VA's health record system cited as model for a national network

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Health specialists say the veterans medical system could be a low-cost solution to the problem of incompatibility among networks nationwide.

One of the more perplexing problems facing the Obama administration's pursuit of building a nationwide electronic health records system is the fact that hospitals and doctors can't share medical data seamlessly because the medical networks are incompatible.

But many health officials say they might have found the solution at the Veterans Affairs Department. Medical information technology specialists and industry executives told Nextgov that the open-source version of the VA's electronic health record system called the Veterans Health Information System and Technology Architecture (VistA) could serve as a building block for e-health networks nationwide and provide a variety of plug-and-play medical applications that can be easily shared among clinicians.

Open-source systems allow a range of applications that power information sharing to be shared on a large scale, just as users of Apple Computer's iPhone's open interface can download thousands of various applications off the Internet. The same model should be the primary approach the Obama administration uses when spending the $19 billion stimulus investment in health information technology, two doctors wrote in an article in the latest issue of the New England Journal of Medicine, released on March 25.

Dr. Isaac Kohane, director of informatics at Children's Hospital in Boston, and Dr. Kenneth Mandl, a pediatrician at the hospital and a professor at Harvard Medical School, wrote that the if the iPhone model were applied to health IT, it would stimulate a variety of low-cost medical applications that hospitals and doctors could download from the Internet to apply to the management of health records and patient data.

And the open source version of VistA "is definitely worth looking at" as a platform on which to build similar applications, Kohane told Nextgov in an interview.

Some health networks have already used VistA to deploy open-source records systems. Community Health Network of West Virginia, which operates 80 clinics serving 120,000 patients, deployed a version of OpenVistA in 2005, and the state of West Virginia installed the OpenVistA version in eight hospitals in 2006.

OpenVistA costs a tenth of the price of commercial health IT software, said Jack Shaffer, chief information officer of the nonprofit Community Health Network. For example, the West Virginia University Hospital System spent about $90 million to install commercial health software from EPIC Systems Corp. in seven hospitals, while the state's Health and Human Resources Department installed OpenVista in eight hospitals for $9 million.

The West Virginia state hospitals use the inpatient version of OpenVistA while Shaffer said Community Health Network uses an outpatient version based on the Resource and Patient Management System that was developed as an offshoot of the VistA system used by the Indian Health Service. Both versions of VistA lend themselves to the kind of application development envisioned by Kohane and Mandl, Shaffer said.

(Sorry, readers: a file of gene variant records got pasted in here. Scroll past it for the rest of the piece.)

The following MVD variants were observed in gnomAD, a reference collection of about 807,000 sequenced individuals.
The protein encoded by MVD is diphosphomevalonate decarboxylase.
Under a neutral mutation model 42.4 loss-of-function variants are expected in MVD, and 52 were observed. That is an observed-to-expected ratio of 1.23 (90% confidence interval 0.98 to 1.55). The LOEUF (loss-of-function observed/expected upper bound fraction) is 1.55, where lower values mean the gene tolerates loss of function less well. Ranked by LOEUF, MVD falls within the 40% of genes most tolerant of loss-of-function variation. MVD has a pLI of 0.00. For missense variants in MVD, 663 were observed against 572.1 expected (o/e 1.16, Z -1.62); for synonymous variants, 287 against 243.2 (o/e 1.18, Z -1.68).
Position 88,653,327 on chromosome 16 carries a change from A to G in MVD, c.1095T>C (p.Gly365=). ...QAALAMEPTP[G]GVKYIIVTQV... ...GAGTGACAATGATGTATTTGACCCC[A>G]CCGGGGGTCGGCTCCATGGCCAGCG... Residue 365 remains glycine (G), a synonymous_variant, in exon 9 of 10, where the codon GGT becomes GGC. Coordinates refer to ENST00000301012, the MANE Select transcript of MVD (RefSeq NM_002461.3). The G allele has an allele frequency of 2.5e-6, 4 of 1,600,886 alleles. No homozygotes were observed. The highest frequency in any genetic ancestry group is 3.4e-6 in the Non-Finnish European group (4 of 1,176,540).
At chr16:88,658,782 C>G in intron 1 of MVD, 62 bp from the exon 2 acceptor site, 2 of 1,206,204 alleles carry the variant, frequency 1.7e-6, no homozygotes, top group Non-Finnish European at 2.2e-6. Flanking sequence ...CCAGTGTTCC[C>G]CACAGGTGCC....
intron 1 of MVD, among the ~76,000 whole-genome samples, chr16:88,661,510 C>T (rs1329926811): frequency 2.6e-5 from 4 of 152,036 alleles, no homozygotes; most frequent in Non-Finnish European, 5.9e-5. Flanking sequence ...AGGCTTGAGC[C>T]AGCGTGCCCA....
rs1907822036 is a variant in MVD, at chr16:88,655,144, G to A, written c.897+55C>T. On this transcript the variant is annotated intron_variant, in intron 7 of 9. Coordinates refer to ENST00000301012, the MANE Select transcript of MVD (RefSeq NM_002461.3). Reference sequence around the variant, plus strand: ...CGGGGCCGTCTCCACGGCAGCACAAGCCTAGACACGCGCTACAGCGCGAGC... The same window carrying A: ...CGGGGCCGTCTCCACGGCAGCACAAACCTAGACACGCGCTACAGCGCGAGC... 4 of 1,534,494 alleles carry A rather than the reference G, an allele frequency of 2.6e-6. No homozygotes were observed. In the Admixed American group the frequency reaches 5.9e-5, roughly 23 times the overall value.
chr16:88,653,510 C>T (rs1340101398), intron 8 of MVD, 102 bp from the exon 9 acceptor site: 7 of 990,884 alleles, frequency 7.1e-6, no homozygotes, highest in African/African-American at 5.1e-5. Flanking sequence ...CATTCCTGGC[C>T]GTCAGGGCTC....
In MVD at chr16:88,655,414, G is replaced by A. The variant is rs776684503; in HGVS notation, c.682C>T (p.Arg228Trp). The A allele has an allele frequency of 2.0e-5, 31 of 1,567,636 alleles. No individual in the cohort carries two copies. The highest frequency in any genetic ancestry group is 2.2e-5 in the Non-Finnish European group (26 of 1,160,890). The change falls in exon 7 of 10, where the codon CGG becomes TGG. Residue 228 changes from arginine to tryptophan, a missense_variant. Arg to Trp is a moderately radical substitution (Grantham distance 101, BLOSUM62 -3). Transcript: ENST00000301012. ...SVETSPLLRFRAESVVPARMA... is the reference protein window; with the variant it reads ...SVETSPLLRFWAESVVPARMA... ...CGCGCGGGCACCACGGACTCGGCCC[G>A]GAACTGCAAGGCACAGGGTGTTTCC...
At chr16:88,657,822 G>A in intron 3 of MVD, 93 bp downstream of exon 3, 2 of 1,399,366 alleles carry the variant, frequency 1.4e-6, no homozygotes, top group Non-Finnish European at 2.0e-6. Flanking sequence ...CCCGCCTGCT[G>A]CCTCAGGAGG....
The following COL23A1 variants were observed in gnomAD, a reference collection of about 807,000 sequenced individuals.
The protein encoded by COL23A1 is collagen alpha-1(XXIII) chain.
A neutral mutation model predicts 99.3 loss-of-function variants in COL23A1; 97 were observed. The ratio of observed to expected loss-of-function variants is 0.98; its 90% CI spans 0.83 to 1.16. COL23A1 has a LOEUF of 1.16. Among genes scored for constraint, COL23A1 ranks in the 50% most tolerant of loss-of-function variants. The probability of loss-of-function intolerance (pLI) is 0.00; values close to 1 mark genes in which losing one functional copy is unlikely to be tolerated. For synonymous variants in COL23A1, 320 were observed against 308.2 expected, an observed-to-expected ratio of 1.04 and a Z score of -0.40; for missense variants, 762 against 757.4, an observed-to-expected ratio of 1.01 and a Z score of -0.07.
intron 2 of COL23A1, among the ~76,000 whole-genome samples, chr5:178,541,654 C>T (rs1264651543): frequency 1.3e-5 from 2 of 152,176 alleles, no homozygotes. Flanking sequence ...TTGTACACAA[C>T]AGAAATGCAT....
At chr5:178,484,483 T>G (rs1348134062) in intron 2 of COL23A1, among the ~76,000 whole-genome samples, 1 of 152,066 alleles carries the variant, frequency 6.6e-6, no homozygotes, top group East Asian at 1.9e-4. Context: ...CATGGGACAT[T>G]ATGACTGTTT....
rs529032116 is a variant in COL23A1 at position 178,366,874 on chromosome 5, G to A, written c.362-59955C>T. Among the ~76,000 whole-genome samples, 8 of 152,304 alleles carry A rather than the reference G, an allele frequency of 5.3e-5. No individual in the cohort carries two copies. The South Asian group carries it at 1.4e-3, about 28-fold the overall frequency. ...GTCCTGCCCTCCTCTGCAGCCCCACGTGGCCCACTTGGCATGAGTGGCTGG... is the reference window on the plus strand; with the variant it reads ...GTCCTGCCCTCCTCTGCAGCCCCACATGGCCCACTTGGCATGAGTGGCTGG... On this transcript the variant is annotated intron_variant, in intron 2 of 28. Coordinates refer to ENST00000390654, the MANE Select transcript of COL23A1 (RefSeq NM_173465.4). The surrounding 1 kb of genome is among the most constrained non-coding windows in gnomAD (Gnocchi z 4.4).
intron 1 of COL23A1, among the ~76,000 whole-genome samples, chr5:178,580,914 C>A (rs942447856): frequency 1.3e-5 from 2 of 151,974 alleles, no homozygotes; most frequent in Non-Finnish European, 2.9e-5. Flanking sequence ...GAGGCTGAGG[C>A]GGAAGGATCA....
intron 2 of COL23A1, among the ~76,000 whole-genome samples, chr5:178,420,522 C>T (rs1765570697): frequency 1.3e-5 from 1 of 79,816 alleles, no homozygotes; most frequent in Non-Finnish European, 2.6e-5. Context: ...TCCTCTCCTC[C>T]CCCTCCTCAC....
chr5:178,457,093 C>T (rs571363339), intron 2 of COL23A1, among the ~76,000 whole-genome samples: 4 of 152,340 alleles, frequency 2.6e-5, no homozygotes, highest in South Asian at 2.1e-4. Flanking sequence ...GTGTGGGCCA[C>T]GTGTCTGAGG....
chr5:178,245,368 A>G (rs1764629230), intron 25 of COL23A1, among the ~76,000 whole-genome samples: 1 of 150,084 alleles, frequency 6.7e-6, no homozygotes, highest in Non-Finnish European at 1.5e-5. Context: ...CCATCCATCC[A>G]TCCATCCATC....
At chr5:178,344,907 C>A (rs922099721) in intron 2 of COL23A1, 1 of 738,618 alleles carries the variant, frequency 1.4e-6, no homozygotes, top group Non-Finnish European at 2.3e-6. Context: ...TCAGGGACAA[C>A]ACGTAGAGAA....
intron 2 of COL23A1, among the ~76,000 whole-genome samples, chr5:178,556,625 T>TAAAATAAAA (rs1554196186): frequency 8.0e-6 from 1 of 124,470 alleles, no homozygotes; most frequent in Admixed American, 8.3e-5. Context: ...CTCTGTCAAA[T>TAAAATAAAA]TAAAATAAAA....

When VA began developing VistA in the early 1980s, it called the system the Decentralized Hospital Computer Program, a name indicating that software programmers at any of the 168 VA medical centers wrote applications and modules that could be used by other hospitals in the system, Shaffer said.

Schafer uses that approach today to write and share applications within RPMS such as a new prescription printing program and another tool clinicians use to look up the trade names of pharmaceuticals to find the generic name.

The Indian Health Service also uses RPMS for its widely dispersed health facilities, many of which have limited connectivity, said Dr. Theresa Cullen, the service's chief information officer and a rear admiral in the Public Health Service. IHS serves more than 1.5 million American Indian and Alaska native patients, about 1.4 million of whom receive care at facilities that use the Resource and Patient Management System. IHS, tribal and urban Indian health programs operate more than 700 facilities in 36 states. RPMS also offers broader applications in well child care, prenatal care, population health and performance assessment.

Cullen said the agency could rely on work that Shaffer and others in West Virginia have completed through interagency agreements. "That's the beauty of open source collaboration," she said. As a result of that partnership "we are getting access to additional subject matter experts who provide us with ideas" that IHS can then build into its system.

Because RPMS is funded by taxpayers, it could be adapted as an affordable electronic health record system for wider use and supported by commercial vendors, Cullen said. Shaffer said the Health and Human Services Department should make RPMS or VistA a public utility to boost IT adoption nationwide and said section 3007 of the 2009 American Recovery and Investment Act contains a clause that would allow HHS to do so.

The law states that the department's national coordinator for health information technology "shall support the development and routine update of qualified electronic health record technology . . . and make available such qualified electronic record technology unless the [HHS] secretary determines through an assessment that the needs and demands of the providers are being substantially and adequately met through the marketplace."

Shaffer said the cost advantage of VistA and RPMS, their stability and adaptability makes a strong argument to use the language in the stimulus bill to take RPMS and VistA to market.